I'm not sure about the title, as I am a bit loopy right now. We intended to get this release out a couple weeks ago, then last week, then Monday, then this morning, and finally it is here. Hopefully it works. You can give the latest software a try at our usual download location. It is the link at the bottom. We'll get the linux/BSD build out pretty soon (I am testing), and I will attempt a Mac build sometime in the near future as well, for all of you oddballs who host games on Apple.
This is the much anticipated web-client. It is probably our most ambitious endeavor yet, and I fully expect that there are some showstopping bugs, but I also think we can iron out most of them within the next week or so. We have tested as much as two guys can, but that doesn't involve major performance situations like games with 20+ people. It is wholly possible that the first time someone hosts a big game, the system will crash & burn. That is OK! There is no reason why this can't work properly but we just need to get some data.
Speaking of tinkering, the beauty of this client is that it is all about developers getting under the hood. You can build and export your own custom controls that others can then use in their games. The system comes bundled with a handful of controls that Lummox JR ported (among the many, many tasks he burned the midnight oil over to get this to you). These are located in the [BYOND install]/web directory (in fact, every dms or js file in this directory gets auto-imported and relayed from the server when clients connect). If you look them over, you can get an idea of how the control structure works and start making your own. The defaultSkin.dms in particular is a good place to get started, since that shows how to use the existing controls in your game.
I'll give a basic summary of how this all works. When you host a game in DreamDaemon (and enable the default webclient hosting option), DD will invoke a pseudo-webserver on which resources are hosted. The client requests these over http, similar to the old-style rsc cache. DD also relays all of the dms files (defining the interface & macro setup) included in your game, as well as those in the aforementioned [BYOND install]/web dir) over the conventional socket, along with the normal game-data. This part is like DS, but with a thinner protocol. Maybe people can do other ports (like iPad) once this is fully fleshed out. The implementation may (and likely will) change during this beta test, but the gist of it is that EVERYTHING comes from the server. The server outputs an http url that refers to its hosting port, and you can tell your audience to connect to it.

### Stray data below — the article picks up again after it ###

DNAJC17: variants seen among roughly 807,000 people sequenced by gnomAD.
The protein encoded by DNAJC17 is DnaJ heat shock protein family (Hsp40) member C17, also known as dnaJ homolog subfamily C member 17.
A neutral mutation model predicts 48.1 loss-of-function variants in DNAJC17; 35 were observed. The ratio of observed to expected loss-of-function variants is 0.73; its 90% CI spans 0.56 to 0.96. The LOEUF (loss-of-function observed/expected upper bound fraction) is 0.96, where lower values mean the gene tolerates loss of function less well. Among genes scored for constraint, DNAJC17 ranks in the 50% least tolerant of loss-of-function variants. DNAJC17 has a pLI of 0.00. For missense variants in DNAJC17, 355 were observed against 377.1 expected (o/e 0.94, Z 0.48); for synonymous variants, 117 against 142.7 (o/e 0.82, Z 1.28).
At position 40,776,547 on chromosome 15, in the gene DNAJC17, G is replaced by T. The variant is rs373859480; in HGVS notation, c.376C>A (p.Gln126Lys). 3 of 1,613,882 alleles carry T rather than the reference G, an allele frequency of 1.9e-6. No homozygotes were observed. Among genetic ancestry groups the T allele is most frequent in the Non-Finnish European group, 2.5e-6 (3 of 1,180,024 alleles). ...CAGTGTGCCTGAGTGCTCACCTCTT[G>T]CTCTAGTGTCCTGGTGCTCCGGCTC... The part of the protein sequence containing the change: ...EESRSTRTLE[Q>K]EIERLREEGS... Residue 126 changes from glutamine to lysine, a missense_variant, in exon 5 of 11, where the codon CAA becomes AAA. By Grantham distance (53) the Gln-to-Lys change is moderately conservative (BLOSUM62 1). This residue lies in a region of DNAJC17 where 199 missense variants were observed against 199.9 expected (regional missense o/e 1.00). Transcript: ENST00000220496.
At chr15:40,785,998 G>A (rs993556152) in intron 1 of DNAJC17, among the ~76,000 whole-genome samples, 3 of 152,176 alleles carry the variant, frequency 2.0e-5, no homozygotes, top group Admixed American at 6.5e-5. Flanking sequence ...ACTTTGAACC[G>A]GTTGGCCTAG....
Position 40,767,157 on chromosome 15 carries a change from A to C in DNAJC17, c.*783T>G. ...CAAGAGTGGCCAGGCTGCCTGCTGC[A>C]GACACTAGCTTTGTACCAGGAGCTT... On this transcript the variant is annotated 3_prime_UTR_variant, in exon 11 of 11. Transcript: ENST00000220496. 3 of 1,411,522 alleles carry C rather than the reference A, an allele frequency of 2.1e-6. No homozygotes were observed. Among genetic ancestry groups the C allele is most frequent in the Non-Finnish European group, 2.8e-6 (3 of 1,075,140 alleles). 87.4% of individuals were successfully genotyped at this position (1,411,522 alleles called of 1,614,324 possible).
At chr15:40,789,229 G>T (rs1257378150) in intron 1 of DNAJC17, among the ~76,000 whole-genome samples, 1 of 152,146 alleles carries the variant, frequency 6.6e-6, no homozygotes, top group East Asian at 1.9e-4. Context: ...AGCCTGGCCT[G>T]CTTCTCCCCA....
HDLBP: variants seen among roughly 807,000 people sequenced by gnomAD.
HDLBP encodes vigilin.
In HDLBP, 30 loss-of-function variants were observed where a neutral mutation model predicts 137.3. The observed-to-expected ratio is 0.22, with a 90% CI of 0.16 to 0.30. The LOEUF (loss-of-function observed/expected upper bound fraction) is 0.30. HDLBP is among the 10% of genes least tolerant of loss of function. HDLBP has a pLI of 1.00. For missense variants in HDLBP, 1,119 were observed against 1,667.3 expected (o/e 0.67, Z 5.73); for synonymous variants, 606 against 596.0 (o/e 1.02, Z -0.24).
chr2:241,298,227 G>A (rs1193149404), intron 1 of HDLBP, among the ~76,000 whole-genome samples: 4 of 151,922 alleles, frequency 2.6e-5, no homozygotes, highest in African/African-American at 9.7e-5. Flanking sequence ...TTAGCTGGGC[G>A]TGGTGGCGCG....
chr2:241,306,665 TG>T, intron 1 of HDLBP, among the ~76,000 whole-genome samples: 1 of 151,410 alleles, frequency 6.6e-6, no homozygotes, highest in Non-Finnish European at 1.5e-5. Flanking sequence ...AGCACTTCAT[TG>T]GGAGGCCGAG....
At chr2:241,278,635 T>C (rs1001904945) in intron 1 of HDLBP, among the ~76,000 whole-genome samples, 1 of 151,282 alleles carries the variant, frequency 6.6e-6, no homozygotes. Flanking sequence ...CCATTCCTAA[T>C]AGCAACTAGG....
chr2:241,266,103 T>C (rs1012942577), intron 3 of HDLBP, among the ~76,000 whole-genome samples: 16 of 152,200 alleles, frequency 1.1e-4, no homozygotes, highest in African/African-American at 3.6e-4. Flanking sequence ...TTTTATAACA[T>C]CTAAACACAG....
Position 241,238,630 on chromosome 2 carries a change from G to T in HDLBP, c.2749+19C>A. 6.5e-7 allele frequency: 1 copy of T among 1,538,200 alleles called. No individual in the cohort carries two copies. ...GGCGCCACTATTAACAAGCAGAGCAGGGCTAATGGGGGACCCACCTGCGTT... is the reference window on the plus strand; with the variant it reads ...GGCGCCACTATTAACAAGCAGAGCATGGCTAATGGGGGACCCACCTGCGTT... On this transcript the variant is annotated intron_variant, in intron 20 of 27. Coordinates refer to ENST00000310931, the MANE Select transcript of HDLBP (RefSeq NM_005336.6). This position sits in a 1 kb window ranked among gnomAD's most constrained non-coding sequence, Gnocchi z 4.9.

At the moment, you go through byond.com to get to this url. For example, when you host on DD, you'll see a link of the form http://www.byond.com/play/[your ip]:[your port]. If your game doesn't have a hub, that's the only url. If your game does have a hub, a masked url (using the world_id syntax) will automatically show up there as well. We fully expect to change the url syntax in the future, primarily by making it so that you can create your own urls in either mode, eg http://www.byond.com/play/[mycode].
The reason the urls go through the site are twofold (maybe three or four or even five folds but let's just use two here):
1) In order to log you in
2) To play an ad-- so we can justify this development.
BYOND Members can skip the ad by turning off site ads in their account settings. We'd greatly appreciate if you didn't try to otherwise block them-- these are really our main source of revenue. Nevertheless, we are going to try to offer compelling packages for those developers who want to host ad-less games as a more professional presentation. Just stay tuned: we have a lot on the plate.
If you connect to a game locally (localhost or 127.0.0.1), you won't get an ad. Right now you still have to go through byond.com (and hence be online), but we'll remove that restriction in one of the upcoming updates. We'll also release an exe version of the client-server that just embeds the server with a web framework (mainly for single-player games); this should work offline and won't run an ad either.
We're hoping there aren't many catastrophic bugs, but try hosting in 507 DD and connecting to the game and tell us what works and what doesn't work. There are some known issues we're working on, as well as a number of features that just didn't make it into this first release. We recommend using Google Chrome for your test since that browser supports the bulk of the HTML5 stuff we use.
One thing that is slightly annoying about this is that we haven't figured out a good way to share resources across servers, and the web specs are very anal about protecting data by origin. In layman's terms, this means that, at the moment, if you host a game on two different ports, the clients will have to download everything twice. But at least they'll have a fun commercial to watch while they wait.
Lummox JR, among his many, many tasks, has written a document discussing the control format as well as compatibility with the existing software client. It will be updated throughout this cycle (where I hope we or other community members can fully port the BYOND 4.0 control set that Lummox has given a good push).
I hope you have more fun using this than we did creating it!
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